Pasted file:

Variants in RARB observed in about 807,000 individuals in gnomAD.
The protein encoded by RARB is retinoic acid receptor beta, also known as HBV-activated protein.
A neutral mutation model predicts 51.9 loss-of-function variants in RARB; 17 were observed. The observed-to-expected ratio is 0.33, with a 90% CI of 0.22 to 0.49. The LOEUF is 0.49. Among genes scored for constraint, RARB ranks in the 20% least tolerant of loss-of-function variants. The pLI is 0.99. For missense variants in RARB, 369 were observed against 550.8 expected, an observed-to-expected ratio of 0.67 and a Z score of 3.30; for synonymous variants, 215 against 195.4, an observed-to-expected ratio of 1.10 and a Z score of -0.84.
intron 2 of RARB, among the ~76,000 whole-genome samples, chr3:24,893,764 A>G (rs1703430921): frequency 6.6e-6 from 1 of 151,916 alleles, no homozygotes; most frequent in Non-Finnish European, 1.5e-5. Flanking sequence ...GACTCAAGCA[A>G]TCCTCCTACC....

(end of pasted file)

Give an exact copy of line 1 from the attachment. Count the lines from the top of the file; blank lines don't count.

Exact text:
Variants in RARB observed in about 807,000 individuals in gnomAD.